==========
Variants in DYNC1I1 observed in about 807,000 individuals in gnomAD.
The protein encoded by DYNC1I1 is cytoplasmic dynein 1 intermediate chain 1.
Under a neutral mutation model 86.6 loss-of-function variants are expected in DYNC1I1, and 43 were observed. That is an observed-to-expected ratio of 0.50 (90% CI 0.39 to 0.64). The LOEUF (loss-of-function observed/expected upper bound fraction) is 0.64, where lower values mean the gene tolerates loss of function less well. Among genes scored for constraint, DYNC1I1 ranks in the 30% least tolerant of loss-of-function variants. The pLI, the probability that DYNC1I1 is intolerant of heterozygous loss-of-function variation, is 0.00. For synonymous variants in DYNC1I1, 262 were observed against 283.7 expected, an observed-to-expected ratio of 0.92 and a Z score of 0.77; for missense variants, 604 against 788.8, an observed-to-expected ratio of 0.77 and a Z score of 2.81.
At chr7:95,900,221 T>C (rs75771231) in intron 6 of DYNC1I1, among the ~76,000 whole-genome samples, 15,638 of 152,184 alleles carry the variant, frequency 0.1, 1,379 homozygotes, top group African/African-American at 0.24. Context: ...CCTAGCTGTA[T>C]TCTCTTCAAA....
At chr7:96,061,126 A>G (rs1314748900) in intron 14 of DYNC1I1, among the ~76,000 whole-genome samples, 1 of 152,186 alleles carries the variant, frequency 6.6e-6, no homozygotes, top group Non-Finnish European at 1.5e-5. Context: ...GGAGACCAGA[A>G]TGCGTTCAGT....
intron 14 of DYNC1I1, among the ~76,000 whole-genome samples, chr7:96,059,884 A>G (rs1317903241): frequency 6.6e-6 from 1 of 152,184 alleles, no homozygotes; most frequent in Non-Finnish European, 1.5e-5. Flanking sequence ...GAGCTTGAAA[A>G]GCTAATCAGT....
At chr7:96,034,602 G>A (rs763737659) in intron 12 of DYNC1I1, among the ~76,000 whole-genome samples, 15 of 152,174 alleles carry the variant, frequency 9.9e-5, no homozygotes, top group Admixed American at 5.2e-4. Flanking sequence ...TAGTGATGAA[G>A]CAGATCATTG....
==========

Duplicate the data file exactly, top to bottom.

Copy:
Variants in DYNC1I1 observed in about 807,000 individuals in gnomAD.
The protein encoded by DYNC1I1 is cytoplasmic dynein 1 intermediate chain 1.
Under a neutral mutation model 86.6 loss-of-function variants are expected in DYNC1I1, and 43 were observed. That is an observed-to-expected ratio of 0.50 (90% CI 0.39 to 0.64). The LOEUF (loss-of-function observed/expected upper bound fraction) is 0.64, where lower values mean the gene tolerates loss of function less well. Among genes scored for constraint, DYNC1I1 ranks in the 30% least tolerant of loss-of-function variants. The pLI, the probability that DYNC1I1 is intolerant of heterozygous loss-of-function variation, is 0.00. For synonymous variants in DYNC1I1, 262 were observed against 283.7 expected, an observed-to-expected ratio of 0.92 and a Z score of 0.77; for missense variants, 604 against 788.8, an observed-to-expected ratio of 0.77 and a Z score of 2.81.
At chr7:95,900,221 T>C (rs75771231) in intron 6 of DYNC1I1, among the ~76,000 whole-genome samples, 15,638 of 152,184 alleles carry the variant, frequency 0.1, 1,379 homozygotes, top group African/African-American at 0.24. Context: ...CCTAGCTGTA[T>C]TCTCTTCAAA....
At chr7:96,061,126 A>G (rs1314748900) in intron 14 of DYNC1I1, among the ~76,000 whole-genome samples, 1 of 152,186 alleles carries the variant, frequency 6.6e-6, no homozygotes, top group Non-Finnish European at 1.5e-5. Context: ...GGAGACCAGA[A>G]TGCGTTCAGT....
intron 14 of DYNC1I1, among the ~76,000 whole-genome samples, chr7:96,059,884 A>G (rs1317903241): frequency 6.6e-6 from 1 of 152,184 alleles, no homozygotes; most frequent in Non-Finnish European, 1.5e-5. Flanking sequence ...GAGCTTGAAA[A>G]GCTAATCAGT....
At chr7:96,034,602 G>A (rs763737659) in intron 12 of DYNC1I1, among the ~76,000 whole-genome samples, 15 of 152,174 alleles carry the variant, frequency 9.9e-5, no homozygotes, top group Admixed American at 5.2e-4. Flanking sequence ...TAGTGATGAA[G>A]CAGATCATTG....